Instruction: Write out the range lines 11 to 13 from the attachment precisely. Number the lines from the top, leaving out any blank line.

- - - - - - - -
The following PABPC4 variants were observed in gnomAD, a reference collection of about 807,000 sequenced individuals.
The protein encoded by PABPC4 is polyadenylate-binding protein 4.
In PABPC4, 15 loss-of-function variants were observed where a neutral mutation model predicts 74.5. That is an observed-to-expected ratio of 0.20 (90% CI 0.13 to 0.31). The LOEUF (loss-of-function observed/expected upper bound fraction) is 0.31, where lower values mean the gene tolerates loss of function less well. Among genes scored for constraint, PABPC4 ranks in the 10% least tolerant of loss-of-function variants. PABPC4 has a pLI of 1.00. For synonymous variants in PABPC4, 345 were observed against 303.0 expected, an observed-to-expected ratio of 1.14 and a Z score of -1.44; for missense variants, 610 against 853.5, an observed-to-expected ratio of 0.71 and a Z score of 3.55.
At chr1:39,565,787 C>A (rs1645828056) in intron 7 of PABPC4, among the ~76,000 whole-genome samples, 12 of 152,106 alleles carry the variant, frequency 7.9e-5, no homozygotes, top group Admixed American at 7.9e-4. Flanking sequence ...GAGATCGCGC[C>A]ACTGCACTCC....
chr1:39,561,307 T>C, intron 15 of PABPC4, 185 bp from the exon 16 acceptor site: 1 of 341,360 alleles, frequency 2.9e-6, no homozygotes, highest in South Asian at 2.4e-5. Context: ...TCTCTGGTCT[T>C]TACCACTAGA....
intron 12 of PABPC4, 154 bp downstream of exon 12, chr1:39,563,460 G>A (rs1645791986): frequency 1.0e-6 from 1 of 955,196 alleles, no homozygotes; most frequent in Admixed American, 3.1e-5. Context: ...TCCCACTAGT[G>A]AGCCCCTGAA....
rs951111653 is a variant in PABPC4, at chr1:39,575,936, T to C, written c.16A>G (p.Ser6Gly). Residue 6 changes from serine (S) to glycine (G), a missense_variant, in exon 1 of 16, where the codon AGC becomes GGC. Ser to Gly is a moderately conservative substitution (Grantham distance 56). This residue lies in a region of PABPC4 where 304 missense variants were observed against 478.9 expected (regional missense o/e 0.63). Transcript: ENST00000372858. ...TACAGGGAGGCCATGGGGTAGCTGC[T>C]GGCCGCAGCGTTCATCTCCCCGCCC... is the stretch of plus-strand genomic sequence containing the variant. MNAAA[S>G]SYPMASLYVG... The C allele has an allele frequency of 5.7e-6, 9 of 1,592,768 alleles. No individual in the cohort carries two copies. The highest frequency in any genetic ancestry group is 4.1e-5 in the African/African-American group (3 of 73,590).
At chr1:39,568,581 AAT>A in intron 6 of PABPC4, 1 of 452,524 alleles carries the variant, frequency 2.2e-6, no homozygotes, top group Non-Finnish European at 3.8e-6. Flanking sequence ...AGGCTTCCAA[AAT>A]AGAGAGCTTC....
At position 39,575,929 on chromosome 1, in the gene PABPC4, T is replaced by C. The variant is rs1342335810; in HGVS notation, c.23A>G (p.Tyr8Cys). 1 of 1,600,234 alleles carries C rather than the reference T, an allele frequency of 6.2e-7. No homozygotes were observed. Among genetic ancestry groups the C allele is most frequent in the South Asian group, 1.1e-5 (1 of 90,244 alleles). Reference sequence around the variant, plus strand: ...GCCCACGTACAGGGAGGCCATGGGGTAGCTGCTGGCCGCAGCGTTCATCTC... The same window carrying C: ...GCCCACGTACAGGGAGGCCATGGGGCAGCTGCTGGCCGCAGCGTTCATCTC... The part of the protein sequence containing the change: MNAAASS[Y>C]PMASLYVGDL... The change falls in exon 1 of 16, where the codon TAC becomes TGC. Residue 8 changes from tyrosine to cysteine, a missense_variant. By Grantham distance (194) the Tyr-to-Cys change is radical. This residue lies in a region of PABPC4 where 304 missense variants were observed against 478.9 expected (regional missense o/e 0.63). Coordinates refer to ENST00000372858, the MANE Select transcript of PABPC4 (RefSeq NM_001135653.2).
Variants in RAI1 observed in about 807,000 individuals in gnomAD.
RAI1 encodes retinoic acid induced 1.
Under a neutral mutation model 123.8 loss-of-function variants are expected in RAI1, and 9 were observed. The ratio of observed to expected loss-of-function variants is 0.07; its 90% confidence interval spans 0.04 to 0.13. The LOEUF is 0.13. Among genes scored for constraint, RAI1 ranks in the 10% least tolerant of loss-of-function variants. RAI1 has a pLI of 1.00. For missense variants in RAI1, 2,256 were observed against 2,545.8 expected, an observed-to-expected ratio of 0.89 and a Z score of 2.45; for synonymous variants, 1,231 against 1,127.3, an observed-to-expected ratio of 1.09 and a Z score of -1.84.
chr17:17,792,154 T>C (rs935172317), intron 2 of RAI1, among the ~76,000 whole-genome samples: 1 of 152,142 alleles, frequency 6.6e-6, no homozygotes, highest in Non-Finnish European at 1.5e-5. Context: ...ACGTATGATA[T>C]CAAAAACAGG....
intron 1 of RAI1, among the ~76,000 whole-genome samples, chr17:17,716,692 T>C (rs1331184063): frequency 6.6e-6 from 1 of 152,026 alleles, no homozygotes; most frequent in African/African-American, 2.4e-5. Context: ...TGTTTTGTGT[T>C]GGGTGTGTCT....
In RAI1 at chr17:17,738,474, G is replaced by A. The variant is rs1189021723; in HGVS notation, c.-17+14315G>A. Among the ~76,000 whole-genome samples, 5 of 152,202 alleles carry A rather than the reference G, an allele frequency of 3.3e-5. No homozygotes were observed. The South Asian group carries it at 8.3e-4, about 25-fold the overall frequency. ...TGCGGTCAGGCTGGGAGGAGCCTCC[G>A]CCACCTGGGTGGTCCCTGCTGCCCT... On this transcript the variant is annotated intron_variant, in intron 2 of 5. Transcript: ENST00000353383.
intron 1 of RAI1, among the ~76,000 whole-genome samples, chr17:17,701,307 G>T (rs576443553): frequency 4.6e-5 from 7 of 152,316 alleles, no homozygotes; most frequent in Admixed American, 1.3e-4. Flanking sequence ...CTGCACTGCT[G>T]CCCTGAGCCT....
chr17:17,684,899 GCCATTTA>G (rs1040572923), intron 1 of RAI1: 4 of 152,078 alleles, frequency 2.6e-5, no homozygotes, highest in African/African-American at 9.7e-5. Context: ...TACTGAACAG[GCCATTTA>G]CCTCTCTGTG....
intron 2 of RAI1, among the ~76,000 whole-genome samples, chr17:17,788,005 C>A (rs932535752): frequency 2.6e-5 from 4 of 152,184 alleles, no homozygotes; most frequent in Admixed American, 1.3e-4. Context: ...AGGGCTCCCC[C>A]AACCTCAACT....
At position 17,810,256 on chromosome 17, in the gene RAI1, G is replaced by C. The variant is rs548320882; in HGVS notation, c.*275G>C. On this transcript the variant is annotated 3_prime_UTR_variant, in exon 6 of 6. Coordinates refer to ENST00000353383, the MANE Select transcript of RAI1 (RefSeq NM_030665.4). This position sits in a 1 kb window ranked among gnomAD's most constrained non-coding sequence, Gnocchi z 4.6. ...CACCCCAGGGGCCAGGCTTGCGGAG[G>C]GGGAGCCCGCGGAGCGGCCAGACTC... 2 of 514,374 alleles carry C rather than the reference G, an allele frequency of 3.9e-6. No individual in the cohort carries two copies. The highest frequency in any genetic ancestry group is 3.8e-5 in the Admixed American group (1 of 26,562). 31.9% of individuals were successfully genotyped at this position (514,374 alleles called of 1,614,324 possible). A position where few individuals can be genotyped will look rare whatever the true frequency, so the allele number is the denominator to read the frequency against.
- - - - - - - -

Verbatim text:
RAI1 encodes retinoic acid induced 1.
Under a neutral mutation model 123.8 loss-of-function variants are expected in RAI1, and 9 were observed. The ratio of observed to expected loss-of-function variants is 0.07; its 90% confidence interval spans 0.04 to 0.13. The LOEUF is 0.13. Among genes scored for constraint, RAI1 ranks in the 10% least tolerant of loss-of-function variants. RAI1 has a pLI of 1.00. For missense variants in RAI1, 2,256 were observed against 2,545.8 expected, an observed-to-expected ratio of 0.89 and a Z score of 2.45; for synonymous variants, 1,231 against 1,127.3, an observed-to-expected ratio of 1.09 and a Z score of -1.84.
chr17:17,792,154 T>C (rs935172317), intron 2 of RAI1, among the ~76,000 whole-genome samples: 1 of 152,142 alleles, frequency 6.6e-6, no homozygotes, highest in Non-Finnish European at 1.5e-5. Context: ...ACGTATGATA[T>C]CAAAAACAGG....